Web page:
Watauga County NAACP branch applies for national chapter acceptance


Gerrit Van Genderen

Approximately 130 people have officially registered to become part of the first National Association for the Advancement of Colored People branch in Watauga County, said Marg McKinney, the chapter’s temporary president.

Reverand Guy_web
The Rev. William Barber II, president of the North Carolina NAACP, speaks at a press conference held at the Boone Unitarian Universalist Fellowship on Oct. 28. Barber is the organizer of the Moral Monday Movement and was influential in motivating members of the community to gain support for forming an NAACP branch in Watauga County. Photo by Nicole Debartolo | The Appalachian

McKinney said the branch applied for charter in early December. The application was sent to the NAACP national office, which will make a vote to declare the branch official within the next couple of weeks.

The requirements for applying to become an official branch include having at least 100 dues-paying members and to list why the hopeful branch thought it was a good idea to be located where it is.

“We had to make a list of the problems we identified in our county that we think an NAACP branch could address,” McKinney said.

Those problems for Watauga County included instances of discrimination, the poverty and disparity in wages, some bullying in schools, a lack of diversity and voter suppression, she said.

McKinney said that the hopeful branch is also very concerned about the polarization of the community and the town.

“In town, there is a lingering resentment that the students are deciding who governs us,” McKinney said. “That is not true. We have to educate folks to realize that even though students may be here for four years, a lot of them are putting their heart and soul into the community.”

She said that she wants students to realize that it is not them against the town, either.

McKinney said that she does not believe any Appalachian State University students were members of the branch yet, but hopes that will change.

“We have not really gone and talked to the student associations, but we do have a new member who is very interested in doing that,” McKinney said. “We are going to encourage the students to join our large group because once they do that and reach 25 members, they can have their own student chapter.”

Black Student Association President Candace Mollison said that while the BSA had not helped with the formation of the NAACP branch in Watauga County, she expected the association and its individual members to become more involved.

“I and a few others were very excited when we heard of the formation,” Mollison said. “It means a lot to see the county of Watauga growing, changing, being more diverse and accommodating those needs.”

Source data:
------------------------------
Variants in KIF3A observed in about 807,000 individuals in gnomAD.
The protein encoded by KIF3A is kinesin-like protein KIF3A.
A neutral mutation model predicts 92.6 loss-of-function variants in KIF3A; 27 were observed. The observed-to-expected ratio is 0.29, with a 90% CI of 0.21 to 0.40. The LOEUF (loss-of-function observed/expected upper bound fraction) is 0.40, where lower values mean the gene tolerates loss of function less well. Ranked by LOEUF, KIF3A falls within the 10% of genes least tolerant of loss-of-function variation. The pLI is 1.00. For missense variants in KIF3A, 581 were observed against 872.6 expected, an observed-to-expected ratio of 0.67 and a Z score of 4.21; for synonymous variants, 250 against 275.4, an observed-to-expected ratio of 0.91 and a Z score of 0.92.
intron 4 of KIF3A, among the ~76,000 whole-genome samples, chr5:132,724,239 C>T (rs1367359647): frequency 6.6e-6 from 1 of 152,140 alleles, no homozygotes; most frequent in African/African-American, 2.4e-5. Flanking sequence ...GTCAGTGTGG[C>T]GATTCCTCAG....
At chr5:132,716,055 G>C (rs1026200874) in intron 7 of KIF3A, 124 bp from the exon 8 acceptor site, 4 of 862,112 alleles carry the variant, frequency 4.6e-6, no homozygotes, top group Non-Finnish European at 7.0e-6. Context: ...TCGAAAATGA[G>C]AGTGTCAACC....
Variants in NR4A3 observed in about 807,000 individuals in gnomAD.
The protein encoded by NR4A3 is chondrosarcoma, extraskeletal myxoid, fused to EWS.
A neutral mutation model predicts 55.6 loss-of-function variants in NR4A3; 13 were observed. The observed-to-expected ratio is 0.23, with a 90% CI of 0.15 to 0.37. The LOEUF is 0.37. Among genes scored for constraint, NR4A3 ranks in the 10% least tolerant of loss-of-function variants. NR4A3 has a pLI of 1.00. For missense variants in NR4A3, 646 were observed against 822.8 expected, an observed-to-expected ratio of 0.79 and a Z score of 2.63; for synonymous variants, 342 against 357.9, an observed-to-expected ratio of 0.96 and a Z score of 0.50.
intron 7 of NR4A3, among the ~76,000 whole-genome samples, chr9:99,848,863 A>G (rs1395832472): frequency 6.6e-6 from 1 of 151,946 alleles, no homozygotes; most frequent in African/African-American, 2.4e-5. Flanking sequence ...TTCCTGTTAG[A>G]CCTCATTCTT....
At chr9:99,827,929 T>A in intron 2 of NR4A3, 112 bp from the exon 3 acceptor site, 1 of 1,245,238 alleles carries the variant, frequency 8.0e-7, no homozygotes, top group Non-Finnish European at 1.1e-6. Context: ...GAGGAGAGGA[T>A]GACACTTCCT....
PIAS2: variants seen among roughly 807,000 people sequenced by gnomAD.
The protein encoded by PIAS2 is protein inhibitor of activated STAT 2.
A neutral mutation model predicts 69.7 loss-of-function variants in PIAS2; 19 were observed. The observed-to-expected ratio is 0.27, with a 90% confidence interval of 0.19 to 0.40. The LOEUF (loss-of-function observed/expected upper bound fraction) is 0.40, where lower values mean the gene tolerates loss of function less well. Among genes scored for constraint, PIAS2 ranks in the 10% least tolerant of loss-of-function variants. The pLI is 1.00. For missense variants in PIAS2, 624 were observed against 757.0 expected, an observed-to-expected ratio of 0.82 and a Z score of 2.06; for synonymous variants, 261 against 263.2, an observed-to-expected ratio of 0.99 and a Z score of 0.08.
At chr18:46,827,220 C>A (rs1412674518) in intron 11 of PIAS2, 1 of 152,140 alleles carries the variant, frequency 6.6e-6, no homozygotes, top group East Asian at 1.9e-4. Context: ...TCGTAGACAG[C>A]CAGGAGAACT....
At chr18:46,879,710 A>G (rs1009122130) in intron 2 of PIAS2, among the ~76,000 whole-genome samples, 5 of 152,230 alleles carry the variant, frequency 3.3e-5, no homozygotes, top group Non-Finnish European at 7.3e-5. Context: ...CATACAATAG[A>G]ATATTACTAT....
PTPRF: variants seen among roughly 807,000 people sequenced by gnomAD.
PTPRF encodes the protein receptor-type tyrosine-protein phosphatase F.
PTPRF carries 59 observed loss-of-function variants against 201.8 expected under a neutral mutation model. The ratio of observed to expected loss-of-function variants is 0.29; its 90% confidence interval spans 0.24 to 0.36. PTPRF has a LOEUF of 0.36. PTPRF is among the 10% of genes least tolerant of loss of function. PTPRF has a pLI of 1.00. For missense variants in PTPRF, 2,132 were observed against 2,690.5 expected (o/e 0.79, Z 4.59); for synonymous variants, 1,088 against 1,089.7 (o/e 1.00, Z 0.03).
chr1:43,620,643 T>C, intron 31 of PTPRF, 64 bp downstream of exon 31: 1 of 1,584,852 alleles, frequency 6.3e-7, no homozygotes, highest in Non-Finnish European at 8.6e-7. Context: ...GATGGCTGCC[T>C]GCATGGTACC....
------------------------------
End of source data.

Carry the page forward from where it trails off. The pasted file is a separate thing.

Students, regardless of their permanent residence, can join the Watauga County NAACP branch at any point, McKinney said.

A major reason the branch is flourishing is due to people from various areas with different kinds of experiences are joining, McKinney said.

“We are learning so many things,” McKinney said. “This group, as it continues to grow, has added, gained more and more awareness about the issues around us.”

Pending the vote to declare the branch official, McKinney said that the officers for the branch would be selected in the upcoming weeks. Elected officers will serve for two years at a time.

McKinney said that she would not be running for the official position of president once the elections occur due to other obligations, but felt that it will be in good hands.

“We have a number of people who have expressed interest in doing leadership and I think they will do a really good job,” McKinney said.

McKinney is also the coordinator of the Forward Together Movement in Watauga County, which helped bring the Rev. William Barber II, president of the North Carolina state conference of the NAACP and organizer of the Moral Monday movement, to Appalachian to speak about the need for moral movement in North Carolina.

Barber was also influential in motivating members of the community to gain support for forming an NAACP branch in Watauga County, McKinney said.

The branch is also organizing transportation for the Feb. 8, Moral March on Raleigh, which is an event being spearheaded by the NAACP to mainly express concerns about social justice, McKinney said. She expects more than 100 people from the Watauga County area will be traveling with the branch.

Story: Gerrit Van Genderen, News Reporter

Photo: Nicole Debartolo, Staff photographer